Midwives in Canada don’t generally provide abortions, though. Which means Suleman’s clinic is one of a kind. MATCH is a pilot project, one where midwives work alongside doctors to provide normally underserved communities with full-spectrum reproductive health care. The safe, empathetic space Suleman and her colleagues have worked so hard to create sounds like an actual reproductive health care utopia, and that it exists at all gives me hope.

But midwives in Trudeau’s Canada are micro-regulated, with medical overseers in each province and territory mandating what they can do and can’t do. This ranges from which drugs they can prescribe to their scope of practice. These rules amount to hurdles that prevent midwifery from flourishing and potential patients from benefiting from their care.

If Canada was full of clinics like MATCH and providers like Suleman, it might be the abortion haven Trudeau would like us to think it is — the kind of place that people who can get pregnant, anywhere in the world, actually need.

The situation in the United States far predates the current U.S. Supreme Court. Like abortion access generally, American midwives’ scope of practice, or what they are allowed to do, varies from state to state, but they are often held back from providing full-scope reproductive care. For example, in Alabama, where there were zero accredited birthing centers in the entire state in 2015 and nurse-midwives are subject to “a collaborative agreement as a condition for practice,” only 1.67% of all births were nurse-midwives attended. But in Alaska, where there are 10 birth centers, 26.5% of all births were attended by midwives. Alaska is also an independent practice state, meaning midwives there have full authority to practice their profession and don’t need the same extra permissions to do their jobs that other states might require.

Medicaid coverage of midwifery also varies by state, as does the Medicaid reimbursement rate for the care that midwives can do. In many states, like California, Oregon, and Washington, midwives are reimbursed for their services at the same rate as physicians, but they’re only reimbursed at 85% of the physician rate in New York, and 80% in Florida.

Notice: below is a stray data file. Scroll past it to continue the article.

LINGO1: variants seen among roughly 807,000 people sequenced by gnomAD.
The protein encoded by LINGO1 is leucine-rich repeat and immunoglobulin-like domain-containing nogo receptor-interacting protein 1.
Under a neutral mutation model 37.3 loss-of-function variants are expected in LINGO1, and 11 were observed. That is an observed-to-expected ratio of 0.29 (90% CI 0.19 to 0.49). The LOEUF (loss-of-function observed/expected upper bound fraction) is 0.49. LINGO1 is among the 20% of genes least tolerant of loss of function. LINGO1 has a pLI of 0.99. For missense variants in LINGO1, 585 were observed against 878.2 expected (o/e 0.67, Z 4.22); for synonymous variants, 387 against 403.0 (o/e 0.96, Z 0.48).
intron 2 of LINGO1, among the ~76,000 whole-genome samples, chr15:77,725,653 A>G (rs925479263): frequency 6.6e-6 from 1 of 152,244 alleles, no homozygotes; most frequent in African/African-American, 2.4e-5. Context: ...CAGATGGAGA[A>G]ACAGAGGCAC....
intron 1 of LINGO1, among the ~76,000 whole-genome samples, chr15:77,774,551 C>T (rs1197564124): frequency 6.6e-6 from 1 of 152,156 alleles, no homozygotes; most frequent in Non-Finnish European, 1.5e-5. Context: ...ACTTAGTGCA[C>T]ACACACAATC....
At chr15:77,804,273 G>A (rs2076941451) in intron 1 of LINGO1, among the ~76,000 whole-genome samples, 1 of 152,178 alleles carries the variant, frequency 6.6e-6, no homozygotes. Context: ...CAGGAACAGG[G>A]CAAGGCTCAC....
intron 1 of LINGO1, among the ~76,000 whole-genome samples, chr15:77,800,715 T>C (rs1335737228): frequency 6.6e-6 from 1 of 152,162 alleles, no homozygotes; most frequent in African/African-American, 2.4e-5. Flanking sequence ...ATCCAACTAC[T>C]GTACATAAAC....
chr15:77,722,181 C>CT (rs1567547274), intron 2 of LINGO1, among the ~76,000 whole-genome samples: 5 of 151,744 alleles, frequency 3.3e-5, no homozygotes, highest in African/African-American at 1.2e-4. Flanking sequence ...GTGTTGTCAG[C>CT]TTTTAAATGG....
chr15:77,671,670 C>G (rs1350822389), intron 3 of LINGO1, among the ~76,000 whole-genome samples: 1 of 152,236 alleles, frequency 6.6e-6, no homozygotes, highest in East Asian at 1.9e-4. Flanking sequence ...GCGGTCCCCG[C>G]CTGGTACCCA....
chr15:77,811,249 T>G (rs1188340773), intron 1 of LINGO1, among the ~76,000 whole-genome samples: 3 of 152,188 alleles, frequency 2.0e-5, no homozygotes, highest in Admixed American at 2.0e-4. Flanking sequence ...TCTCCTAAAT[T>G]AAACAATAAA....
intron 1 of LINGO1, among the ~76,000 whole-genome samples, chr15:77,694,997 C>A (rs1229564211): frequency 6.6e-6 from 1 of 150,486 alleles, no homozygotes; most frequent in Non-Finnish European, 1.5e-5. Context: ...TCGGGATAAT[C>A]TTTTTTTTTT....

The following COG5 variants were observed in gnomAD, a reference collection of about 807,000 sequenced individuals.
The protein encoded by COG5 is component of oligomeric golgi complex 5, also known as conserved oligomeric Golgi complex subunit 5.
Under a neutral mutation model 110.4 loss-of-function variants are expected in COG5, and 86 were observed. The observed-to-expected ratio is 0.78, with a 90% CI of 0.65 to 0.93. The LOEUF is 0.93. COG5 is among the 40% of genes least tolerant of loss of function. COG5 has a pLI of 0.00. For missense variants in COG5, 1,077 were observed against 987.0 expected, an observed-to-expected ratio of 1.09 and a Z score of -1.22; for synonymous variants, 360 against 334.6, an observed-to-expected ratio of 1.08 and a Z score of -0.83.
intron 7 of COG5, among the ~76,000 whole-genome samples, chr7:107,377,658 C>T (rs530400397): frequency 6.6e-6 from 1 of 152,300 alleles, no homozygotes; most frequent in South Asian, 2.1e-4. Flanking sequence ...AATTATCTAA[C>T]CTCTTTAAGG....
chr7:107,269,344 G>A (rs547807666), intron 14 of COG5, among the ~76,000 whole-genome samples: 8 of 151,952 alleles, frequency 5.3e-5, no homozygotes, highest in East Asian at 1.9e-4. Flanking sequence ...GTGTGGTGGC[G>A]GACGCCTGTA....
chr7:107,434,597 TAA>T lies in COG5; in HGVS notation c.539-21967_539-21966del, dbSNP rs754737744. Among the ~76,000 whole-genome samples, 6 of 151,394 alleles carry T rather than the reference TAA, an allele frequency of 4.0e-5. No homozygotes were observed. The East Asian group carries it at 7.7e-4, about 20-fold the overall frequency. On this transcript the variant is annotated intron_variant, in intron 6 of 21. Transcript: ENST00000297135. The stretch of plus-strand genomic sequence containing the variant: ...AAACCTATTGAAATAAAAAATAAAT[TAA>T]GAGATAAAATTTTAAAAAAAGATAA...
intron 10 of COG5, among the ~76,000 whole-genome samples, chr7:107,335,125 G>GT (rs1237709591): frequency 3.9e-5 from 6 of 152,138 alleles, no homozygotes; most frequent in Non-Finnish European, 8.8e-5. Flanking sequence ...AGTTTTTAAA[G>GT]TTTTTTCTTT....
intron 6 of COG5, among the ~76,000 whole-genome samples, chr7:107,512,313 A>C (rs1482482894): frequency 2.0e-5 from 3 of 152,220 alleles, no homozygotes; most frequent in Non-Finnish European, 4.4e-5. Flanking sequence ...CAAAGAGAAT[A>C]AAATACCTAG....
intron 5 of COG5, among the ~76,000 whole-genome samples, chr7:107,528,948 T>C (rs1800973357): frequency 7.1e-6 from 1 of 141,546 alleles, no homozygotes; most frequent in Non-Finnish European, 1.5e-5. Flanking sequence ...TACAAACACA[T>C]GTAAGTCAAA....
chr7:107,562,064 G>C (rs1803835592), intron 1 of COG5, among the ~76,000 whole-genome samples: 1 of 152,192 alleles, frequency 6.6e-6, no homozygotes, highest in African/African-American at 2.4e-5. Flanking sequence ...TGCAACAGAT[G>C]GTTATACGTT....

Humans being able to choose what they want to do with their own bodies and getting treated with care and respect by their health care system should not be a daydream, but it has become one.

Wertman sees midwives providing abortion care as logical and necessary, and describes many present-day physicians as “the gatekeepers of midwifery.” “We already have the education and training to be able to manage miscarriage, and [abortion] is not much different from that,” she tells me. She adds that while there are specific skills to learn for surgical abortions, like using a manual vacuum aspirator, there are plenty of programs that offer comprehensive abortion care education to health care practitioners, like Teach, a nonprofit that developed the Abortion Training Curriculum, used nationally for resident and clinician training. Their abortion pill and surgical abortion trainings, as well as numerous reproductive health care resources, are available for free online. Imagine if the following were true: Abortion is a human right everyone has access to, getting one is straightforward, and midwives are empowered to provide comprehensive, compassionate abortion care alongside other health care practitioners.

Humans being able to choose what they want to do with their own bodies and getting treated with care and respect by their health care system should not be a daydream, but it has become one in the dystopian nightmare currently unfolding. We can only hope that people in need have access to on-the-ground networks to connect them with providers who will give them the kind of considerate, nonjudgmental care that midwives know how to do so well. And when pregnant people do not have access — for all the same financial and geographical reasons that American women will not be heading to Canada for their health care — they can access abortion medicine online.

As Wertman put it to me, and I found incredibly soothing, “Abortion has always happened and we’re trying to do our best to support our professionals’ ability to provide comprehensive care.” She struck me as seeming extraordinarily calm about this, considering the state of things. I asked Wertman how she managed it. “It’s a midwife trick,” she told me. “When everything is getting intense, stay calm and focused.”

It helps me to remember that the people who want to help the most are already doing so. Those people are not President Joe Biden and Trudeau, but people on the ground doing the work that needs to be done, like they have for all time, credentialed or not, because they actually care. These are the kind of people we want caring for us.

Photo Credit: Margaret Flatley/Romper, Getty/Shutterstock